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Back in 2007, one of my students brought in an advertisement she had clipped from the Boston Globe. “Can we go to this, Ms. Barile?” she asked. “I think it looks really fun. It would probably be a great opportunity for us, don’t you think?” The ad was for One Day University—an event that would end up profoundly impacting the lives of several of my low-income, urban high school students.
The advertisement explained the One Day University program: four college professors from top universities around the country would present special versions of their finest lectures— live— in this one-day event. The professors were all recipients of dozens of teaching awards and had earned the highest possible ratings from their students. Best of all, their lectures had amazing titles like: “Learning to Love Classical Music” and the “The Politics of Morality in America” and covered a broad range of subjects, including history, political science, religion, art, sociology, psychology, economics, and science.
The event was scheduled to take place at Babson College in Wellesley—a beautiful campus located about an hour away from our high school in Revere, MA. I was thrilled by the idea. How great would it be for my students to listen to some of the brightest minds in the country and visit the campus of a world-class institution?!
My head was spinning. What an amazing opportunity this could be! How could I make it happen? The price tag was steep: $225 per person. At that price, I couldn’t even afford to send one kid. And my students —80 percent of whom receive free or reduced lunch and live at or below the poverty level— could certainly not pay for it themselves.
Fortunately, I’ve never been shy when it comes to asking for things I know will benefit my students. I found the contact information for One Day University (or ODU, as they called it), and decided to call Steven Schragis, the President and cofounder, to explain my situation.
Much to my delight, Steven immediately agreed to give me 15 free passes! I was overwhelmed— and so excited. I quickly announced the field trip to my students and handed out permission slips. Attendance was on a first-come, first-served basis. Several students called their parents that same day and asked them to sign their permission slips in the parking lot so they could race back, hand them in, and secure their spot.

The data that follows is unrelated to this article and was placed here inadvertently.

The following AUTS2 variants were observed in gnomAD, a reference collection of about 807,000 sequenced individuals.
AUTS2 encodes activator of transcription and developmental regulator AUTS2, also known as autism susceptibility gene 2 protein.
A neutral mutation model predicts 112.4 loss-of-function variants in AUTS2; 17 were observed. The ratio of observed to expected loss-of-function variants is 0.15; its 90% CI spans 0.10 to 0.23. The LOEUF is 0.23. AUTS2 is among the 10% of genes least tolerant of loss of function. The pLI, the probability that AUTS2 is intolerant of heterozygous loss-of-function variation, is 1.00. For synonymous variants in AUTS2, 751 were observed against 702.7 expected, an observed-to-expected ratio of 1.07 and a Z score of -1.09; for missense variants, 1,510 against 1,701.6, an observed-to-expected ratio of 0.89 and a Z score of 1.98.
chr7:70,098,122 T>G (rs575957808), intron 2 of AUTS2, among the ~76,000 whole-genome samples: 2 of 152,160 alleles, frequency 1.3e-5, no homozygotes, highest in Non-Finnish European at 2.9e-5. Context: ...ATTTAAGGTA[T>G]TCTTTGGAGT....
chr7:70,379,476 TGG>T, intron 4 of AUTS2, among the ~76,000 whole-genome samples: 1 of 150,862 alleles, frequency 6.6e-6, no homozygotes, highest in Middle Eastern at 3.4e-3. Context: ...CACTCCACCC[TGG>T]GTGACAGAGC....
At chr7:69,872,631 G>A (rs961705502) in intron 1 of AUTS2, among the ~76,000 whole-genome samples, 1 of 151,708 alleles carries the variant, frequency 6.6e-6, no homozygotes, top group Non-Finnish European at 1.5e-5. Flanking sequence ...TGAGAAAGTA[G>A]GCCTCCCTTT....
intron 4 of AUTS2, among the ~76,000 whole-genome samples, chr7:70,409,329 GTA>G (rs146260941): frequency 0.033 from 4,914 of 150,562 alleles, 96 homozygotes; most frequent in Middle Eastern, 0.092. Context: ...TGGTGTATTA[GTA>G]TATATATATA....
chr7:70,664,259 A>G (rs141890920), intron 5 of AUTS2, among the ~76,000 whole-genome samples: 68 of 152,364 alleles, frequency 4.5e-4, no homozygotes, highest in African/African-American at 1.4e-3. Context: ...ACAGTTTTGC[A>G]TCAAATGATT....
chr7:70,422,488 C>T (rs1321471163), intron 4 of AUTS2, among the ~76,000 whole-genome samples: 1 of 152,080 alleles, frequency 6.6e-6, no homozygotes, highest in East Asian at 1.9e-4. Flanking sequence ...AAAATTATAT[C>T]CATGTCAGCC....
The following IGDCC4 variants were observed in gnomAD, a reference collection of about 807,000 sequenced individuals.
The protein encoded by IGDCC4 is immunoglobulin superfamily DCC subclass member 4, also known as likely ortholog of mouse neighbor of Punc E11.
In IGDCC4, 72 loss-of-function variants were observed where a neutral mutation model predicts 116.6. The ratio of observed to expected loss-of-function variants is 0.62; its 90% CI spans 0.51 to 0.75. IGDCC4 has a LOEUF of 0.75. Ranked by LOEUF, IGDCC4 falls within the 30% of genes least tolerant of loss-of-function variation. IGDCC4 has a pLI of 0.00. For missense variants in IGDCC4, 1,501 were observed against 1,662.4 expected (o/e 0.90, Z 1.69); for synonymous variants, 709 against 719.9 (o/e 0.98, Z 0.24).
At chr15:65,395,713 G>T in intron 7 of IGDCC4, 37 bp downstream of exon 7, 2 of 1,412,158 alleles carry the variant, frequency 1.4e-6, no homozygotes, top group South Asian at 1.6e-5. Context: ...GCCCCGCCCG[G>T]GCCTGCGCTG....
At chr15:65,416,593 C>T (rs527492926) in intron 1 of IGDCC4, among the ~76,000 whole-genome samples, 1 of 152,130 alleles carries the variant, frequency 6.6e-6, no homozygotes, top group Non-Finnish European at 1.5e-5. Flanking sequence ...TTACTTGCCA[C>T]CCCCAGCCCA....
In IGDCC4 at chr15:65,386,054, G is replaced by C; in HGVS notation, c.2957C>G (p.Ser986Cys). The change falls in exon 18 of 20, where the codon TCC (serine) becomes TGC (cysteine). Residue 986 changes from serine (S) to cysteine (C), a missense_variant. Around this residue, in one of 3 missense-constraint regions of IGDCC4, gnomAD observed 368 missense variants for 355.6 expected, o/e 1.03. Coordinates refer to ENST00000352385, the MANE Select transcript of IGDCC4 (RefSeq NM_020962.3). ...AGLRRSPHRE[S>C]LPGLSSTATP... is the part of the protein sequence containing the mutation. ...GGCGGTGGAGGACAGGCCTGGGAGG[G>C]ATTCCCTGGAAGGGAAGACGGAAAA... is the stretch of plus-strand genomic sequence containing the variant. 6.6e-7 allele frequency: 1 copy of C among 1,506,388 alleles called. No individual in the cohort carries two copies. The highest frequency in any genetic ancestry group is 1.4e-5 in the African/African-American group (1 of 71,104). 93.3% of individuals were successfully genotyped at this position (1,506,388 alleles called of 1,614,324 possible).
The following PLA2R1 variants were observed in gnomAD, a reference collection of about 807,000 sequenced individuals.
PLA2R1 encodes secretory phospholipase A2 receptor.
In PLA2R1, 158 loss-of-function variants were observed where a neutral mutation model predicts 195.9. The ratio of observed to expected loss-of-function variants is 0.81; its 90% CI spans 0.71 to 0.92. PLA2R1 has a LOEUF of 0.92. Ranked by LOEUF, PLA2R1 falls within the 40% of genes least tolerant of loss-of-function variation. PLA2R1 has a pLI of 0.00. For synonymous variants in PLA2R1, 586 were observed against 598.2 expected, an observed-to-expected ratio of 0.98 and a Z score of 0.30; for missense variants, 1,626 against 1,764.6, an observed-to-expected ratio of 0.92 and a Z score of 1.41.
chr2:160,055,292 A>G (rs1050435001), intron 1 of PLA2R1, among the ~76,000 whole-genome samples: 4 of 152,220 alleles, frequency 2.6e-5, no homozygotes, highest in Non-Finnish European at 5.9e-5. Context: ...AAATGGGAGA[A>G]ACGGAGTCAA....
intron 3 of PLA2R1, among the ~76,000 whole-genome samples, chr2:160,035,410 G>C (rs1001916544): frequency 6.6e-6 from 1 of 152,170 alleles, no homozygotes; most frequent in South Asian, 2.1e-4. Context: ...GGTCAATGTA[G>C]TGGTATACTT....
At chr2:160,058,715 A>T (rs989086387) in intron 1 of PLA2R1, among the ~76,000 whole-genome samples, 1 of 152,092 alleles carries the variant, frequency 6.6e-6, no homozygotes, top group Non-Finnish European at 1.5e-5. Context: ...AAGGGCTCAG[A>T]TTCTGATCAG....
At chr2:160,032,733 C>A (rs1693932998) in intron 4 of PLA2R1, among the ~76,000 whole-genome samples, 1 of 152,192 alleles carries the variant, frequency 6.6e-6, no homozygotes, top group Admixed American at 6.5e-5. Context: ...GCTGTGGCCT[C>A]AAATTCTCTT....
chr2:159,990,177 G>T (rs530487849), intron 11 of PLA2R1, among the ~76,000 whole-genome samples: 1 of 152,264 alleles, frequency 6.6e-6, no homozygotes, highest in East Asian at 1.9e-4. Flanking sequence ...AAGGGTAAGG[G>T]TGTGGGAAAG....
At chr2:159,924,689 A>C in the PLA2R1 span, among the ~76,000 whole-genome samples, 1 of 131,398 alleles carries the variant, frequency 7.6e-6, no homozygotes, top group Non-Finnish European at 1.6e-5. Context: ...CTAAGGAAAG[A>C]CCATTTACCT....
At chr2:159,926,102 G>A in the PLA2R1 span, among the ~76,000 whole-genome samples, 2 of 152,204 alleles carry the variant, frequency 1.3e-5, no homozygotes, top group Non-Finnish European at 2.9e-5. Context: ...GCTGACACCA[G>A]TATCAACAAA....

One Day University gave my students a little introduction to college life. It was more exciting and stimulating than we ever dreamed. Listening to my students thoroughly discuss each topic on the bus on the way home thrilled me because I knew they had just enjoyed an unparalleled learning experience. ODU piqued their curiosity about topics from global warming to race and ethnic relations.
My students especially enjoyed the Q&A portion. When a Columbia University professor spoke about the Arab-Israeli conflict, my student, Hanan Kadri, was eager to ask questions. Hanan experienced the military conflict between Hezbollah in Lebanon and Israel firsthand because she lived in Ghaze, a border town in Lebanon that was a frequent target of attack. Hanan articulated her questions clearly and effectively, and a great discussion ensued.
After the lecture, Hanan and I went to thank the professor. He asked Hanan which university she taught at. I think he was a little surprised when I told him that Hanan was a junior in high school.
Several of my students wrote their college essays about ODU, and many more applied to the colleges represented by the ODU professors. Richie Leng attended nearly every ODU event, and when we spoke recently about the experience, he said, “With those top professors offering insights and current research in their fields, I became much more curious— a curiosity which helped me be successful in college.” Richie applied to Brown College and graduated this past May.
Over the course of two years, my students attended ODU—for free—every time it came to Babson College. Each time Steven provided us with free tickets and free lunch. However, in 2008, after the economic downturn, ODU changed its business model. The event stayed mostly in New York City. I was devastated, and so were my students. But over the next few years, I kept in touch with Steve, letting him know that I was still teaching and that I was hoping that ODU would one day return to Boston.
Just a few weeks ago, I got my wish. While eating lunch at a local restaurant, I was browsing through the Boston Globe, and there it was: a full-page advertisement for One Day University. This year, eight professors will be speaking on a variety of interesting and exciting topics, including ”The Science of Happiness” and “Everything You Must Know About Sleep (But Were Too Tired to Ask).”
I’m not lying when I tell you that my hands were shaking as I dashed off an email to Steve on my iPhone. But by the time my sandwich came, I had my answer: Revere High School was welcomed back—again, for free— to One Day University. The event is Sunday, September 21st, and my students and I can’t wait.